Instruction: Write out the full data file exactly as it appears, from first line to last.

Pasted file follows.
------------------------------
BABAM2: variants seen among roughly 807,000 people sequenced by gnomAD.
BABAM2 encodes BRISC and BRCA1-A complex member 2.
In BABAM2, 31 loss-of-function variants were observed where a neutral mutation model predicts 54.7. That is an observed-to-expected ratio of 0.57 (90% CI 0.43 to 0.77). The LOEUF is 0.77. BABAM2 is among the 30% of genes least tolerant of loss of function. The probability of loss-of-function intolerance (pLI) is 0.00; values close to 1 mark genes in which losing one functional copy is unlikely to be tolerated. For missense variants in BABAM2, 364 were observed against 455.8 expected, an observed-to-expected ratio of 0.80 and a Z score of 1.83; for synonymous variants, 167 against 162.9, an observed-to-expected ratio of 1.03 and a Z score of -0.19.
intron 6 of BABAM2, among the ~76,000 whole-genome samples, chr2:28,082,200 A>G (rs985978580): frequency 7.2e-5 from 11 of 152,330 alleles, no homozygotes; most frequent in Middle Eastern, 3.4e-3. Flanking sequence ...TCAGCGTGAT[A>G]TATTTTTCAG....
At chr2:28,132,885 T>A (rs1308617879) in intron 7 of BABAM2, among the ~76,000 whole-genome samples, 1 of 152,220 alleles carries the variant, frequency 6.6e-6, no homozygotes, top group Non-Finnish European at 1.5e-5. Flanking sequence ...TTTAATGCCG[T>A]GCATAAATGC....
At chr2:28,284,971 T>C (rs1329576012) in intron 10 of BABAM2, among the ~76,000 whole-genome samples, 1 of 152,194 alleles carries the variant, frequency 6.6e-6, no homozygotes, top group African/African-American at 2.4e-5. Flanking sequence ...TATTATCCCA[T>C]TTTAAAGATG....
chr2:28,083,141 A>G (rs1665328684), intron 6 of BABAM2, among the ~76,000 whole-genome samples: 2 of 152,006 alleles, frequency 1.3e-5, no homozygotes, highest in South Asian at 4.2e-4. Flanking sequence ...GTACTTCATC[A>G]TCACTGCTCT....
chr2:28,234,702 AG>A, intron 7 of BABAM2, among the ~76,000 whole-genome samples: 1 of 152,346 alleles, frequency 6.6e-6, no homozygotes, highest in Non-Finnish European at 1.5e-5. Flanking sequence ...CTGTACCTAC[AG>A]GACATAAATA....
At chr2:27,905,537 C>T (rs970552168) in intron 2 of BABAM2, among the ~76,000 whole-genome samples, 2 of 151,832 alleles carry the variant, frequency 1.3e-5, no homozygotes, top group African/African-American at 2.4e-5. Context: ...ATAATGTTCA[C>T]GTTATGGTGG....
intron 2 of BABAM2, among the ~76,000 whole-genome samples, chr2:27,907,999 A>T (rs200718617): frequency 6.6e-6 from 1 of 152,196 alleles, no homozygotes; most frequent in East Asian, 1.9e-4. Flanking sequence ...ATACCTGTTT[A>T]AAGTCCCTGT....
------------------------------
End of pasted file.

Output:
BABAM2: variants seen among roughly 807,000 people sequenced by gnomAD.
BABAM2 encodes BRISC and BRCA1-A complex member 2.
In BABAM2, 31 loss-of-function variants were observed where a neutral mutation model predicts 54.7. That is an observed-to-expected ratio of 0.57 (90% CI 0.43 to 0.77). The LOEUF is 0.77. BABAM2 is among the 30% of genes least tolerant of loss of function. The probability of loss-of-function intolerance (pLI) is 0.00; values close to 1 mark genes in which losing one functional copy is unlikely to be tolerated. For missense variants in BABAM2, 364 were observed against 455.8 expected, an observed-to-expected ratio of 0.80 and a Z score of 1.83; for synonymous variants, 167 against 162.9, an observed-to-expected ratio of 1.03 and a Z score of -0.19.
intron 6 of BABAM2, among the ~76,000 whole-genome samples, chr2:28,082,200 A>G (rs985978580): frequency 7.2e-5 from 11 of 152,330 alleles, no homozygotes; most frequent in Middle Eastern, 3.4e-3. Flanking sequence ...TCAGCGTGAT[A>G]TATTTTTCAG....
At chr2:28,132,885 T>A (rs1308617879) in intron 7 of BABAM2, among the ~76,000 whole-genome samples, 1 of 152,220 alleles carries the variant, frequency 6.6e-6, no homozygotes, top group Non-Finnish European at 1.5e-5. Flanking sequence ...TTTAATGCCG[T>A]GCATAAATGC....
At chr2:28,284,971 T>C (rs1329576012) in intron 10 of BABAM2, among the ~76,000 whole-genome samples, 1 of 152,194 alleles carries the variant, frequency 6.6e-6, no homozygotes, top group African/African-American at 2.4e-5. Flanking sequence ...TATTATCCCA[T>C]TTTAAAGATG....
chr2:28,083,141 A>G (rs1665328684), intron 6 of BABAM2, among the ~76,000 whole-genome samples: 2 of 152,006 alleles, frequency 1.3e-5, no homozygotes, highest in South Asian at 4.2e-4. Flanking sequence ...GTACTTCATC[A>G]TCACTGCTCT....
chr2:28,234,702 AG>A, intron 7 of BABAM2, among the ~76,000 whole-genome samples: 1 of 152,346 alleles, frequency 6.6e-6, no homozygotes, highest in Non-Finnish European at 1.5e-5. Flanking sequence ...CTGTACCTAC[AG>A]GACATAAATA....
At chr2:27,905,537 C>T (rs970552168) in intron 2 of BABAM2, among the ~76,000 whole-genome samples, 2 of 151,832 alleles carry the variant, frequency 1.3e-5, no homozygotes, top group African/African-American at 2.4e-5. Context: ...ATAATGTTCA[C>T]GTTATGGTGG....
intron 2 of BABAM2, among the ~76,000 whole-genome samples, chr2:27,907,999 A>T (rs200718617): frequency 6.6e-6 from 1 of 152,196 alleles, no homozygotes; most frequent in East Asian, 1.9e-4. Flanking sequence ...ATACCTGTTT[A>T]AAGTCCCTGT....